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Converting to V8


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Chaps, I'm seriously considering converting my 300tdi 90 to a Rover V8 and am interested to hear the thoughts of anybody who has done this already.

I realise the engine mounts will change and a bigger rad is required. But does anyone have experience of modifying the wiring loom and doing the plumbing of air,water etc pipes?

Anything to look out for?

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I briefly owned a converted 100 from 2.5TD to V8 LPG. This did have an auto box attached to it, so it may bring it's own issues!

The main diferences I observed (but bear in mind I didn't do the conversion) was:

New power steering hoses

New rear prop shaft (engine was sited so that front prop remained original)

New engine mounts

New transnmission cooler

Significant wiring changes (but this was an LPG conversion as well!)

Mods to exhaust

Hope that helps

Cheers

Peter

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I am in the process of doing exactly the opposite. V8 on LPG with 4 speed auto to 300tdi manual. I have just put an offer in on a full engine through to transfer box with the radiator group.

So out of mine will be coming a complete plumbed 3.5 EFi on carbs with a ZF auto along with a one year old radiator. Got all the EFi valley as well bar the mass meter, also the full wiring loom, ECU and exhaust system. The simple LPG systems are easy to wire you don't need all the sensors as the brain can work things out as long as you have the Lambda sensor in the downpipe.

I love the V8 / auto setup, makes driving in town so easy. The main reason for the change is the range and availability of LPG. We want to go to the far reaches of Scotland and I don't want to be continually searching for LPG. Yeah you can plan around LPG stations at 50 miles apart, but there is no guarantee that they still sell the product and we like to take a diversion on a whim.

Hope this helps

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There's a mass of info on here about V8 conversions, but I'll just mention a few things that spring to mind.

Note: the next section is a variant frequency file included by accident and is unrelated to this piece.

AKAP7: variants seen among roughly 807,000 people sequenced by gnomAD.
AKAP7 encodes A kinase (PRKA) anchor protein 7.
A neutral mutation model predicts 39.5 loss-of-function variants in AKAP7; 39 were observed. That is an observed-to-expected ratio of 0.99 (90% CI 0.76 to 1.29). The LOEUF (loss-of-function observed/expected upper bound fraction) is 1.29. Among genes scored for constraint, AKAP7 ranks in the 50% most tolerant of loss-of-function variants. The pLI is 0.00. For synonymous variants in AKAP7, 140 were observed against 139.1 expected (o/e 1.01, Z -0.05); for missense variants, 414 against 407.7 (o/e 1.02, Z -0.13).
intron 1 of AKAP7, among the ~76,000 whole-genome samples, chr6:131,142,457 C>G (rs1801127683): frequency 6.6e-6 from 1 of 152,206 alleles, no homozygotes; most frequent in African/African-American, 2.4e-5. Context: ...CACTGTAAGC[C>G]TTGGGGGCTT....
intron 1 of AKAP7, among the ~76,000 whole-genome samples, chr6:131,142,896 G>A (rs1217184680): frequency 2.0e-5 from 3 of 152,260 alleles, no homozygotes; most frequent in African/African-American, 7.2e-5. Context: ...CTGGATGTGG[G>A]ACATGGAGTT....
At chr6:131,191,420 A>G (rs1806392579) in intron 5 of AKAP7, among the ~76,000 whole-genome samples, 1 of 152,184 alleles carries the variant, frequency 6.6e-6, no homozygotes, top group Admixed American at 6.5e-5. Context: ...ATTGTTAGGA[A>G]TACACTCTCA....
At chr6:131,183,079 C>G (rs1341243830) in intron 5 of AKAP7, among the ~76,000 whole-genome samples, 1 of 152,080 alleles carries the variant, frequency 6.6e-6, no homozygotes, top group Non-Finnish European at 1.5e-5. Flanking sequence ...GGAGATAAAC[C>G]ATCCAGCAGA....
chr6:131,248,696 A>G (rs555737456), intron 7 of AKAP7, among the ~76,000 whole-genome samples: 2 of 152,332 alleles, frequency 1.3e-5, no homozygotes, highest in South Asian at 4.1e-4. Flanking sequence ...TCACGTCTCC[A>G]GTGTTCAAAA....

Wiring wise, no real problems.

The diesel pre-heat function of the ign switch will become redundant.

The V8 engine loom can be coupled to your existing main harness, may need to solder wires to adapt the plug, but stuff like water temp wires, starter solenoid can all be joined to what is alrady there.

Do don't say if your V8 is carb or efi. If efi you'll need to provide power to the ECU, no real problem, just another ign switched wire. The ECU plugs into the engine look IIRC.

Water pipes - well just buy ones intended for a V8 Defender.

Same can be said for the radiator, although many use a 2.5 turbo D rad, as it has the oil cooler circuit built in. If your engine has no oil cooler circuit then this doesn't apply.

Best to keep your gearboxes in the std position, you can keep your existing props that way, and that will determine the engine position. You will need to make sure you have a suitable gearbox with your engine. The tdi one will have a different bell housing and input shaft.

Not that tricky a job once you have the right bits. Keep in mind there are already std parts for a V8 Defender that will make life easier if you use them.

Hope this helps a little.

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I did exactly this conversion. I kept my R380, just had the mainshaft changed for a V8 one and bought a v8 bellhousing and clutch etc. I initially put a 3.9 in - now i have a 4.6. From what i have learned, Don't waste your time and money on converting to a 3.9. It uses way too much fuel for the power output compared to a 300 tdi (it actually produces less torque where it matters than a 300). If your gonna do it put a 4.6 in, it uses just as much fuel BUT the smile factor is huge!

Just my ten pence worth others will disagree.

Steve

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You can just about get away with keeping your existing tranny, and fitting it with a 300series disco V8 bellhousing.

The 300tdi/v8 input shafts are the same length, the only real difference being the pilot bearing on the v8 is smaller, so this will need bored out to accept the TDi shaft.

Seriously dont bother with a carb engine. EFI is a must, and megasquirt will improve things further.

I'd also try and get a later serpentine engine with the better crank driven oil pump, as they tend to be in much better condition due to the improved oiling.

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